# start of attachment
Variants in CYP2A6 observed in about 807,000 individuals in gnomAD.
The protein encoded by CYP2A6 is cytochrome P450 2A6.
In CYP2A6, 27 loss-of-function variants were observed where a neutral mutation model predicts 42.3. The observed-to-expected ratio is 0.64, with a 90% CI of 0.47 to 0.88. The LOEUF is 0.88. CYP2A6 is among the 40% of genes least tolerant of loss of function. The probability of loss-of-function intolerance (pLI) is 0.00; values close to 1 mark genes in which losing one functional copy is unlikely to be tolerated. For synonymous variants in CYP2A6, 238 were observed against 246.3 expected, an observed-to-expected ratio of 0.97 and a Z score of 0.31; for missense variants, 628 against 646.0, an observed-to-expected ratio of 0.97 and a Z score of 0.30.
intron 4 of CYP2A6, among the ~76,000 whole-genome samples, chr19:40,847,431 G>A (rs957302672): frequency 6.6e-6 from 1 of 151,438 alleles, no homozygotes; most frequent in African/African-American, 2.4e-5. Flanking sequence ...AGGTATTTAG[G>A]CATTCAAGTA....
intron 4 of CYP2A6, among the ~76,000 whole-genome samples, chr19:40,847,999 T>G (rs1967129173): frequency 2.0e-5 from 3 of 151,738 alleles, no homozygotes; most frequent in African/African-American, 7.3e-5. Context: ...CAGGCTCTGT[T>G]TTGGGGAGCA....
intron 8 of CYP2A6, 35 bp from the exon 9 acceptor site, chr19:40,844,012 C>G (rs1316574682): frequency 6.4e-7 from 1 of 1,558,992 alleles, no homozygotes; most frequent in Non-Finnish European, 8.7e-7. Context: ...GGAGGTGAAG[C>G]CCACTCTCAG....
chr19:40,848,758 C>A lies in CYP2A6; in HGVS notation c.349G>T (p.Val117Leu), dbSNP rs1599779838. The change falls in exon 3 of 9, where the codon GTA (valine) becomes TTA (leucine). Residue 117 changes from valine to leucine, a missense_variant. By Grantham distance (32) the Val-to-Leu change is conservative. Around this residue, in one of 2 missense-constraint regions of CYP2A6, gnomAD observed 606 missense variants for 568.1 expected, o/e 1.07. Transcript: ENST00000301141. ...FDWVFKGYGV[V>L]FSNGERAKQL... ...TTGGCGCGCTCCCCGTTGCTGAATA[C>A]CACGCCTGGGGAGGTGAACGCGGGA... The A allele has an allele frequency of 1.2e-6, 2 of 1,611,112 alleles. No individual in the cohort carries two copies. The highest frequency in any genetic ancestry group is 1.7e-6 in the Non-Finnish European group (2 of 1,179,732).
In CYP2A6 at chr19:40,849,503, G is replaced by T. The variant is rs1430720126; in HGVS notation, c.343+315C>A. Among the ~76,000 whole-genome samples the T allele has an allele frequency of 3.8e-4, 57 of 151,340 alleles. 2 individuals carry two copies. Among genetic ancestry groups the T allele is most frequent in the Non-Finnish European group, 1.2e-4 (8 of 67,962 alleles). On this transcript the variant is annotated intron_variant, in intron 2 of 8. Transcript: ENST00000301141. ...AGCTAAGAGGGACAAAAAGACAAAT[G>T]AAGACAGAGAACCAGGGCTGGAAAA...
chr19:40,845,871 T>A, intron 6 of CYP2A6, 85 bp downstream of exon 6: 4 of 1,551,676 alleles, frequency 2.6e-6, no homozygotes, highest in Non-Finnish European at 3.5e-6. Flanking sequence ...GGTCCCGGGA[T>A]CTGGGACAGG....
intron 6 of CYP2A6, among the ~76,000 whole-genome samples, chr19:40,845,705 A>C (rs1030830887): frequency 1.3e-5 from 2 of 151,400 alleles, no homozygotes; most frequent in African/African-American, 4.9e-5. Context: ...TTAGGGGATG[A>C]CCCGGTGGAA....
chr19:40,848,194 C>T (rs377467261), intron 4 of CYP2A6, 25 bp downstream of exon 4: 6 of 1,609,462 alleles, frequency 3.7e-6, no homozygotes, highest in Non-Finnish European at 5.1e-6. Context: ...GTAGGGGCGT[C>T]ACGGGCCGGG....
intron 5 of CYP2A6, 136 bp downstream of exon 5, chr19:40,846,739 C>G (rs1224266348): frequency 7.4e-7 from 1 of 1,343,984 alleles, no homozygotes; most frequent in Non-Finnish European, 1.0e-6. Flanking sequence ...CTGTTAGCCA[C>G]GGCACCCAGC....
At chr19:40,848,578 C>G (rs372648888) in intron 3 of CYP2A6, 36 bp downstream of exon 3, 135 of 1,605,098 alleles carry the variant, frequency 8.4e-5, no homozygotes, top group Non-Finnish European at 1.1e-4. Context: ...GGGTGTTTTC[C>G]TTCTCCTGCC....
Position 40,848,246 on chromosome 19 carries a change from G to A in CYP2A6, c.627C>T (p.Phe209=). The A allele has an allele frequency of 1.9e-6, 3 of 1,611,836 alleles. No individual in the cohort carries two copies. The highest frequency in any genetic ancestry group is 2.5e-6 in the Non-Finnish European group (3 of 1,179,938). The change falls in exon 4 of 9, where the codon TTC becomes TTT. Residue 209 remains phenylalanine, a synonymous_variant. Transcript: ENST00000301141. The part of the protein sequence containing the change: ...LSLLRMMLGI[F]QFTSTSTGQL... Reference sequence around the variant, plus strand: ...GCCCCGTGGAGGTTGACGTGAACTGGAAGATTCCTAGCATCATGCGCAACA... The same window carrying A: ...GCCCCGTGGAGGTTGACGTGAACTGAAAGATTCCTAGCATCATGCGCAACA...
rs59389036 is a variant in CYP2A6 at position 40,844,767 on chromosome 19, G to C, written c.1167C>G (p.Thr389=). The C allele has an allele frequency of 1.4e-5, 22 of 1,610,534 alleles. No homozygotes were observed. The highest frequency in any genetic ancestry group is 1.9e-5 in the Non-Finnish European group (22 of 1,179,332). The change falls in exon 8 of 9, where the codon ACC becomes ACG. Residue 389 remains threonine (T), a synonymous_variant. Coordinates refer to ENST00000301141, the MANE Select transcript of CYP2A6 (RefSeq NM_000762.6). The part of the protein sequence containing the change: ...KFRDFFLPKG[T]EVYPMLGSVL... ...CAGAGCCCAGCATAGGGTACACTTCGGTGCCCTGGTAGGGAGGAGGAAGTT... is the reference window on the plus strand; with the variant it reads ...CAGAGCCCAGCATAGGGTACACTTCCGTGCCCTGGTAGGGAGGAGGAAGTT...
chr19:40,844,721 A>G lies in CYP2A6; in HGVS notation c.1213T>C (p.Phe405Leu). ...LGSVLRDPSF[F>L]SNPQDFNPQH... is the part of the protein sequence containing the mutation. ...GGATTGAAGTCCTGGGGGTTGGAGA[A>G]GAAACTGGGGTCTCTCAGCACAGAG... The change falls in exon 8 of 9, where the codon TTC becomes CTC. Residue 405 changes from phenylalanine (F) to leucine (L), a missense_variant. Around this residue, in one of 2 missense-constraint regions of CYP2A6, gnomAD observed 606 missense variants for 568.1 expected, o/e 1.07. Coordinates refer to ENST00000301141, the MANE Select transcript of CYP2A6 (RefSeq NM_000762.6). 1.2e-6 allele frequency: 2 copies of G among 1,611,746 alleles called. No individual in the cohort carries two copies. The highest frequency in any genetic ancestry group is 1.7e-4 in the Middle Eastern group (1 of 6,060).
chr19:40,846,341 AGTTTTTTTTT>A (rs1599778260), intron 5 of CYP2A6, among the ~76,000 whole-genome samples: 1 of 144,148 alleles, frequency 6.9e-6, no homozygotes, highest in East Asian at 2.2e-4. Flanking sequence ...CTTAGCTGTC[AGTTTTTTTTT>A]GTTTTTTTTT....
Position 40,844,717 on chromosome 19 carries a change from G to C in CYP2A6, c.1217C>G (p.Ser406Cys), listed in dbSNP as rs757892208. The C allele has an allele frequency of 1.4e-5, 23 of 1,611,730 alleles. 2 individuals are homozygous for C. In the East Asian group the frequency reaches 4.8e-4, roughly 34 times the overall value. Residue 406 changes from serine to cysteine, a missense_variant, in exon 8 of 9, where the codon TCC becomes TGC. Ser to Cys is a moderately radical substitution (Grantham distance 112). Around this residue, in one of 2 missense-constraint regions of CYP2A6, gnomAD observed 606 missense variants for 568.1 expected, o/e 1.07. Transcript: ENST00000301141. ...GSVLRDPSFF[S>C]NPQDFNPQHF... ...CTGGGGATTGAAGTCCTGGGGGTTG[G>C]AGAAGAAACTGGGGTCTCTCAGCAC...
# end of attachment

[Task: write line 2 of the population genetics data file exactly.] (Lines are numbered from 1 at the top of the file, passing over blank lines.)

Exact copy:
The protein encoded by CYP2A6 is cytochrome P450 2A6.